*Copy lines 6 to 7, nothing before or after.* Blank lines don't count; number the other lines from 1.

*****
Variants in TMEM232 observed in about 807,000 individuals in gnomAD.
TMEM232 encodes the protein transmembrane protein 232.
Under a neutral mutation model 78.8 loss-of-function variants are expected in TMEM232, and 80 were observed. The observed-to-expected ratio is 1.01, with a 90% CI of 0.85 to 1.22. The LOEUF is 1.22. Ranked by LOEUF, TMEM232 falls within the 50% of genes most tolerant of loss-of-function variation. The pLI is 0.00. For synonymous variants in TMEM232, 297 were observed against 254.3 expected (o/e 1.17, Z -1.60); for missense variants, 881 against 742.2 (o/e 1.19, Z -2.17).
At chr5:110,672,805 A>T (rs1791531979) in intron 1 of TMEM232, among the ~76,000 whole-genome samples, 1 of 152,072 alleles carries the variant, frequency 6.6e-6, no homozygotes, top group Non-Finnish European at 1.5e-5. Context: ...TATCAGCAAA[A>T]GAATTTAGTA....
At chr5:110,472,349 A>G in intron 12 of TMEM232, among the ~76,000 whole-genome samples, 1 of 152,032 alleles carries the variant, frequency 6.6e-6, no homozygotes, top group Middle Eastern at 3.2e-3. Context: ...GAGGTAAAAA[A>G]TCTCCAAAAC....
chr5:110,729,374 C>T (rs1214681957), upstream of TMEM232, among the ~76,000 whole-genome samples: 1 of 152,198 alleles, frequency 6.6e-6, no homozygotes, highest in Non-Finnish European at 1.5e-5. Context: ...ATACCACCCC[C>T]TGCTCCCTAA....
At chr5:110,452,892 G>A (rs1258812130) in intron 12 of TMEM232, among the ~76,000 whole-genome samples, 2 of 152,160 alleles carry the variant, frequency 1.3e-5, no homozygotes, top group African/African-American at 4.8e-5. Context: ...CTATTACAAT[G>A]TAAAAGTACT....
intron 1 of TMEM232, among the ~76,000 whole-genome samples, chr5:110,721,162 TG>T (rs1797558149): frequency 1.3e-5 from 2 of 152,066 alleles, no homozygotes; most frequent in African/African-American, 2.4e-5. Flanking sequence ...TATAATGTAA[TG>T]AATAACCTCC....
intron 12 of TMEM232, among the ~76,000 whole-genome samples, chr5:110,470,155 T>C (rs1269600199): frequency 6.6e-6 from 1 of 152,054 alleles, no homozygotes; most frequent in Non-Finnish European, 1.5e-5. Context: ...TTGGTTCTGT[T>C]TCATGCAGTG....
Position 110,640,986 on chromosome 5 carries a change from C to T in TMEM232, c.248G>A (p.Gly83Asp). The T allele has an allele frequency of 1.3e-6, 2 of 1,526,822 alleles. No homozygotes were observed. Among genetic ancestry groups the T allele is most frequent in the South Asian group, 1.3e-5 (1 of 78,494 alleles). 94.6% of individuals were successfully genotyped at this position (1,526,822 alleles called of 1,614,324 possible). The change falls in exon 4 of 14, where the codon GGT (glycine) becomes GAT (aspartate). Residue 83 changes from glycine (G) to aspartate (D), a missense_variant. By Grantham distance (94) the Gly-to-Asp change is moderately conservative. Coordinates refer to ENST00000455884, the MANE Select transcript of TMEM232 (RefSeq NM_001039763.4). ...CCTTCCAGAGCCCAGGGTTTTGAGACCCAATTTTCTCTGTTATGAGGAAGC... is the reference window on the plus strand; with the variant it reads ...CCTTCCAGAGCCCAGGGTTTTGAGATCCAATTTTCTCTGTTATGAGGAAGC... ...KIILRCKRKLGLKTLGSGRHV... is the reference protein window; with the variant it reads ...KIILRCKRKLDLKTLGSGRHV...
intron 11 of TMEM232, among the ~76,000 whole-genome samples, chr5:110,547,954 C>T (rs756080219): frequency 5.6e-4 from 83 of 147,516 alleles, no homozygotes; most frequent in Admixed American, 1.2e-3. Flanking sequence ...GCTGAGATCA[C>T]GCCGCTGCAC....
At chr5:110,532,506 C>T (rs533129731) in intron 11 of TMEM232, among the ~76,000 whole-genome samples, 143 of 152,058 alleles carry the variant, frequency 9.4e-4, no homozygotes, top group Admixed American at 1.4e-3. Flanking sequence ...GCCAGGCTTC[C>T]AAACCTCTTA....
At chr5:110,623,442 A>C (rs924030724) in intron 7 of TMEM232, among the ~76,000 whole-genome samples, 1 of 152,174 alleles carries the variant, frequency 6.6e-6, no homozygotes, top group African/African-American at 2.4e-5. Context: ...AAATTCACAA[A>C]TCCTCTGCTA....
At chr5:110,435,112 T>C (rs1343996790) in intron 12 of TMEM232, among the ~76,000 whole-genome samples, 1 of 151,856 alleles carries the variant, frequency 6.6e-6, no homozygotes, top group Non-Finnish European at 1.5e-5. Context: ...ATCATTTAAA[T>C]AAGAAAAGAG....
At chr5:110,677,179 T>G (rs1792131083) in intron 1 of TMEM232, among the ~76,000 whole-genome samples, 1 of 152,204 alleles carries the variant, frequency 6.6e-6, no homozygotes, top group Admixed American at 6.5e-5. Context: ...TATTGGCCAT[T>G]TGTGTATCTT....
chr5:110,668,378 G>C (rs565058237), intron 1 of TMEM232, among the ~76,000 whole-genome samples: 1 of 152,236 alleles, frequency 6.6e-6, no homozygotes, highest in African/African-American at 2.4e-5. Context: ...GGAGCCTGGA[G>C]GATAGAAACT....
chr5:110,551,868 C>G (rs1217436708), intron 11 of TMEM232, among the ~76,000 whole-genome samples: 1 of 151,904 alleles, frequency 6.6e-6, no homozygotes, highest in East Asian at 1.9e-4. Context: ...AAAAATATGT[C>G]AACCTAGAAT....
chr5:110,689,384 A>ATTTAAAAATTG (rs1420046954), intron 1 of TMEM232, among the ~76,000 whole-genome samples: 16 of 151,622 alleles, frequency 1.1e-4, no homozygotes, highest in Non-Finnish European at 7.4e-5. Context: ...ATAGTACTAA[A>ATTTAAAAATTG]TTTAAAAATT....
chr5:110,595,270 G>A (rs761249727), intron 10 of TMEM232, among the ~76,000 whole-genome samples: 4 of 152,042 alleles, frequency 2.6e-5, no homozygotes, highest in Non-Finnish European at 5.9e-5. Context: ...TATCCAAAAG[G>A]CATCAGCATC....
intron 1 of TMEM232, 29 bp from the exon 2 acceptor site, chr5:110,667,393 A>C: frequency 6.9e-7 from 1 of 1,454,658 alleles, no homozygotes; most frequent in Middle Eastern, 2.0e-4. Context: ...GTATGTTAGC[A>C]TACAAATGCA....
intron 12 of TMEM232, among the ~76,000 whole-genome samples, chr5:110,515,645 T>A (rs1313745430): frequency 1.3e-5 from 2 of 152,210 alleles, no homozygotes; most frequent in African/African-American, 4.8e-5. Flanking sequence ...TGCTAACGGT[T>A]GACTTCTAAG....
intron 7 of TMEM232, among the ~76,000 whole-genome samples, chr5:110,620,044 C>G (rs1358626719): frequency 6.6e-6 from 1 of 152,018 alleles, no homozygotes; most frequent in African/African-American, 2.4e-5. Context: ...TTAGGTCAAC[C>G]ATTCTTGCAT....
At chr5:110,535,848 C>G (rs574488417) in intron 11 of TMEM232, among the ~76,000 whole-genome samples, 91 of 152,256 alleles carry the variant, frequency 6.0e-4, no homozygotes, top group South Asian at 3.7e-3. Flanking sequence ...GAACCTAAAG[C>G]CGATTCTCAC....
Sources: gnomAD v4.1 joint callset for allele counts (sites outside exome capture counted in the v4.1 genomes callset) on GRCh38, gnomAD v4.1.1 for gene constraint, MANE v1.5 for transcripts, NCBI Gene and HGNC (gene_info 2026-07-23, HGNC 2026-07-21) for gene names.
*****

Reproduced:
chr5:110,729,374 C>T (rs1214681957), upstream of TMEM232, among the ~76,000 whole-genome samples: 1 of 152,198 alleles, frequency 6.6e-6, no homozygotes, highest in Non-Finnish European at 1.5e-5. Context: ...ATACCACCCC[C>T]TGCTCCCTAA....
At chr5:110,452,892 G>A (rs1258812130) in intron 12 of TMEM232, among the ~76,000 whole-genome samples, 2 of 152,160 alleles carry the variant, frequency 1.3e-5, no homozygotes, top group African/African-American at 4.8e-5. Context: ...CTATTACAAT[G>A]TAAAAGTACT....